This story, by the Pakistan-based nonprofit organization Soch, builds on The Intercept investigation, using public documents to show how reporters believe the transfer of weapons took place. (“In short, arms were exported from Pakistan… and sold to the US Department of Defense, arms which the US government then sent to Ukraine.”) Their data came from declarations made by the State Bank of Pakistan and the website of the US government’s Federal Procurement Data System, among other public data sources. These stories combine to show how an international investigation can prompt local news outlets to explore and further explain a story for their own audience.
As COVID-19 spread through Pakistan, forcing consumers to stay home in lockdown, the State Bank of Pakistan launched a special type of loan for businesses. The Temporary Economic Relief Fund, or TERF, was a low-interest loan intended to boost industries and allow them to invest in growth at a time when business was slow.
According to Pakistan Today’s The Profit, more than 600 companies benefited from this loan, and around PKR 398 billion (around US$1.4 billion) was dispersed. When Pakistan’s government changed in 2022, allegations arose that the loans had benefited rich industrialists at the expense of small and medium operations, sparking a contentious debate about the TERF loan and potential corruption. In this story, Zain Naeem demystifies the numbers associated with the scheme and cuts through the “mudslinging” to evaluate it on its merits and whether it served its purpose — examining the arguments of both its supporters and critics.
Fact Focus, a relatively new independent news outlet in Pakistan, has quickly become known for exposés on the wealth of Pakistan’s elite, be they former military generals, political leaders, or real estate tycoons. This piece focuses on the properties in London, New York, and the United Arab Emirates acquired by a formal military general during his time serving as a corps commander in Lahore and after his retirement from service.
The story raises questions about how the general acquired these properties, based on tax returns filed in Pakistan during this time. The reporting also uses leaked documents from Pakistan’s Federal Bureau of Revenue, public documents from New York City’s municipal government, and documents released as part of the Panama Papers and other offshore leaks. Some of these properties were also only declared on tax returns filed in Pakistan after they were named in various offshore leaks. (The general denies any wrongdoing and stated that some of the properties were bought from income generated through employment in a tech company after retirement from the military.)
Rajanpur is one of the most underdeveloped districts in Pakistan’s Punjab province. A small health care center run and established by the government in the village of Fazilpur demonstrates why the district fares badly in comparison to others. Where a year ago most medicine prescribed was available to patients for free, now employees “have been instructed to issue only 30 medicines to patients per day,” one official said. This is despite the government investing money to modernize and upgrade the system used to allocate appointments. Most patients travel from other villages to reach the center and seek treatment, making finding the prescribed medicine even more complicated. According to officials, the lack of medicine is due to departmental budget cuts.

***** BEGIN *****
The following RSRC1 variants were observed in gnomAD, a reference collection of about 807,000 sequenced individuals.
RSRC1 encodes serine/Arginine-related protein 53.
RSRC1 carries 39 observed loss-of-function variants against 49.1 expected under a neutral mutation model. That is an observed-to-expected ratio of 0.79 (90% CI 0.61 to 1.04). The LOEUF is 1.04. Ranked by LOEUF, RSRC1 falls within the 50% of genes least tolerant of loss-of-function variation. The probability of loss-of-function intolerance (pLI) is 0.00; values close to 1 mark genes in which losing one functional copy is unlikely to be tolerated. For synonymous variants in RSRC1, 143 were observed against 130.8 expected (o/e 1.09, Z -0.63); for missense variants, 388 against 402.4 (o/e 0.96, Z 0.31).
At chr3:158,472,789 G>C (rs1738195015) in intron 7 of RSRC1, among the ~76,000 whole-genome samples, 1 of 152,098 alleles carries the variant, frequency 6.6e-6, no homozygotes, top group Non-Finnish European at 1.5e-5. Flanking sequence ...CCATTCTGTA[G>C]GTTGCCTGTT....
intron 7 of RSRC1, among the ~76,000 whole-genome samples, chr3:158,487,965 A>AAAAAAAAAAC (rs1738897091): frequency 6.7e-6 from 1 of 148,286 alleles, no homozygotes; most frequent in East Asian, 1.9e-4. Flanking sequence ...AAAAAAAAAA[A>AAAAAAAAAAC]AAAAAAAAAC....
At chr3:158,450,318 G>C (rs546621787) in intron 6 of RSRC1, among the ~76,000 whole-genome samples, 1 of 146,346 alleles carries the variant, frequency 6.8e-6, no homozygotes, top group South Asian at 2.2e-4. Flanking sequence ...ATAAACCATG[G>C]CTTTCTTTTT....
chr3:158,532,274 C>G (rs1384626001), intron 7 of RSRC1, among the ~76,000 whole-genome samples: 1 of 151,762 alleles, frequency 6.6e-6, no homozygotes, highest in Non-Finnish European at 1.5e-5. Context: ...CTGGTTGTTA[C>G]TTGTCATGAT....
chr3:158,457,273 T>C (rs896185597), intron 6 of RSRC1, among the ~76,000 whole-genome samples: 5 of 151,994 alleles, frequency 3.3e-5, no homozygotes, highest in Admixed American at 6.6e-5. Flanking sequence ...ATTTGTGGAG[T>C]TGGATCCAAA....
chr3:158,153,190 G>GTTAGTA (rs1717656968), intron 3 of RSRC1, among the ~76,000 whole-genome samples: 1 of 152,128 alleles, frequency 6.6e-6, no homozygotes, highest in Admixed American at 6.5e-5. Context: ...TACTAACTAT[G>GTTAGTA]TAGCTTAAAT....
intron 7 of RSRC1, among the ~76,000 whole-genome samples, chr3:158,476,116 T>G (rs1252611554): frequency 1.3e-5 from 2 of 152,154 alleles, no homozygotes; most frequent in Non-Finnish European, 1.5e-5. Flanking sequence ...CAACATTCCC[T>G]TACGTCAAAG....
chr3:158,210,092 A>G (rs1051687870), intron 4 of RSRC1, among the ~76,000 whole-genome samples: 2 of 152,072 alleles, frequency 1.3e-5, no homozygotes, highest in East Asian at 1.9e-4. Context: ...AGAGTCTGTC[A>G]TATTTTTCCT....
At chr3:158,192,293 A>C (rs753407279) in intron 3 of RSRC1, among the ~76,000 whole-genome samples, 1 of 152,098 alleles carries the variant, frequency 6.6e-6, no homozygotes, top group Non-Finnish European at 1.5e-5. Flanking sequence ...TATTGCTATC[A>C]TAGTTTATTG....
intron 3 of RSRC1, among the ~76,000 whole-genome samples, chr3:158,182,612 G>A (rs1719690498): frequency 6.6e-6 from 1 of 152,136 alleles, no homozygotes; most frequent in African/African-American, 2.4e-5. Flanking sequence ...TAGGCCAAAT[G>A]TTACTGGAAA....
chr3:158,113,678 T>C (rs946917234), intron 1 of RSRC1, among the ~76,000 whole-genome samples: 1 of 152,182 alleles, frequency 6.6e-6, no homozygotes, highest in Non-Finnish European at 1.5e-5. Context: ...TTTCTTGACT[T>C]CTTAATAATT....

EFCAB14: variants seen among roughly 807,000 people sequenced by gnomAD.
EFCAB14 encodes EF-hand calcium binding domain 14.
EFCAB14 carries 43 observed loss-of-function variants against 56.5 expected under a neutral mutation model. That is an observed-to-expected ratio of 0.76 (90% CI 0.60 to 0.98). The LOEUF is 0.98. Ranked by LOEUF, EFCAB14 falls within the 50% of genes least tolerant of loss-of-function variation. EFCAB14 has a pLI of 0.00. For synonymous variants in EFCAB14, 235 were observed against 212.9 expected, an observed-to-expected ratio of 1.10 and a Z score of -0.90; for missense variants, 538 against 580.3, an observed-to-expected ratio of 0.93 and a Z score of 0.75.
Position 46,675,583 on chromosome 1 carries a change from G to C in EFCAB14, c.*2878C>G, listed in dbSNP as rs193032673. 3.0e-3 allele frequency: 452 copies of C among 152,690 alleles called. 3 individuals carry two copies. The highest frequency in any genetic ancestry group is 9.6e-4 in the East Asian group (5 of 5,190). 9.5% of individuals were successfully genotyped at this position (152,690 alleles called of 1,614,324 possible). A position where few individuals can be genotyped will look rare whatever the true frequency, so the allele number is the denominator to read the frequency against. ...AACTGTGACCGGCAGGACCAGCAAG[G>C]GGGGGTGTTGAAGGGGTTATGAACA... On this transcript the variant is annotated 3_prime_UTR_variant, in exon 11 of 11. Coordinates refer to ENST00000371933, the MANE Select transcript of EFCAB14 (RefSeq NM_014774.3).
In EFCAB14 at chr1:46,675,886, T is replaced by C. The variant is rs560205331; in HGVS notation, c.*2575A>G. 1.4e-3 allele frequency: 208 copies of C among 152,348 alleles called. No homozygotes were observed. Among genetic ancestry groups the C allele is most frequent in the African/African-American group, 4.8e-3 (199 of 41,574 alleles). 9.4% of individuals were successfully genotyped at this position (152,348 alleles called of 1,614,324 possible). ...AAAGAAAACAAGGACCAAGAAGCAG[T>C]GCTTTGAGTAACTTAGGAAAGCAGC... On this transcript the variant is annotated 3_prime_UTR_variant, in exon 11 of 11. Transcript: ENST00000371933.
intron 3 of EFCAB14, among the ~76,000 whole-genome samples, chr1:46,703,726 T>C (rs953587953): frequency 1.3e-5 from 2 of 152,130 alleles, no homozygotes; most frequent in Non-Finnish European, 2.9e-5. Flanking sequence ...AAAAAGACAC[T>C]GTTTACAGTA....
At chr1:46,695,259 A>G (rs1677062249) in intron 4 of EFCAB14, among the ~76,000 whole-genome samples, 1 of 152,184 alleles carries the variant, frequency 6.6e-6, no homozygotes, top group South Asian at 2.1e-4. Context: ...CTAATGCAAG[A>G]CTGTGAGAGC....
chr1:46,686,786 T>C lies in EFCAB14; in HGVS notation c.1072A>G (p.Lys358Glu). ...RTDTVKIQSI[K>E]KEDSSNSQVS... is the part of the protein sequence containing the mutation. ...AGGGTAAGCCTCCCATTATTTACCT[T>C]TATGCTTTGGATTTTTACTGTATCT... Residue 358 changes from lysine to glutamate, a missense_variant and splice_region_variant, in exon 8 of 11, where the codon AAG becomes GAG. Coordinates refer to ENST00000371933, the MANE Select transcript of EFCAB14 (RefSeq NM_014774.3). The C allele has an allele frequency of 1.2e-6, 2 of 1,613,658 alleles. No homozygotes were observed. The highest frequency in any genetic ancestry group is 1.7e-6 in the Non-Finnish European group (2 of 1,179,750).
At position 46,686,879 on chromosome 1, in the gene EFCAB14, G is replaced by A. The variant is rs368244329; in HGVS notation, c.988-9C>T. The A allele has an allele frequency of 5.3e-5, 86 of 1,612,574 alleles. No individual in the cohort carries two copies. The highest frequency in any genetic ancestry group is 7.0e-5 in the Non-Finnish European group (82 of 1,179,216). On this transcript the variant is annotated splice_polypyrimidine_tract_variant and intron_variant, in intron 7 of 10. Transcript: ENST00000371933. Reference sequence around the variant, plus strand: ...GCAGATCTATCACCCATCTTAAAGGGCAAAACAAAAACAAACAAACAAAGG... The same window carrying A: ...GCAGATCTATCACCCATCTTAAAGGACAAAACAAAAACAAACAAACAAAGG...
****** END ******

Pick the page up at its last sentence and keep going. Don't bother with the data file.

Over the past year, news site Lok Sujag has focused its efforts on telling hyper-local stories like this one that reveal the lack of functional infrastructure in some of the poorest areas of the country. This story by reporter Umair Akhtar is one in a long list of similar stories bearing testimony to the lack of functional government facilities in areas that need them the most.
Karachi’s water woes, such as shortages and distribution failures, are well known. A network of various actors and groups — including but not limited to law enforcement agencies, tanker owners, contractors, sewage board staff, politicians, and military personnel — control the city’s water supply. Many parties profit, in the words of Dawn reporters, from the “monumental racket” of Karachi’s water supply system.
For Dawn Investigations, Naziha Syed Ali and Aslam Shah looked deep into the heart of the political and criminal networks that govern the hydrants supplying water to the city, including the contracting process and spotty regulation. They created a comprehensive map of Karachi’s water management system down to each plant, canal, and hydrant, and showed how water is transported from one point to another. Supported by interviews with government officials, experts, and citizens struggling to get water to their houses, their story also drives home how wealth inequality dictates who gets water and who doesn’t — how the political elite can use their connections to ensure their swimming pools remain filled while people in poorer areas struggle to obtain water for everyday use.
Amel Ghani is a journalist based in Pakistan. She has reported on the rise of religious political parties in the country, the environment, labor rights, and covered tech and digital rights. She is a Fulbright Fellow and holds a Master’s degree in journalism from Columbia University, where she specialized in investigative journalism.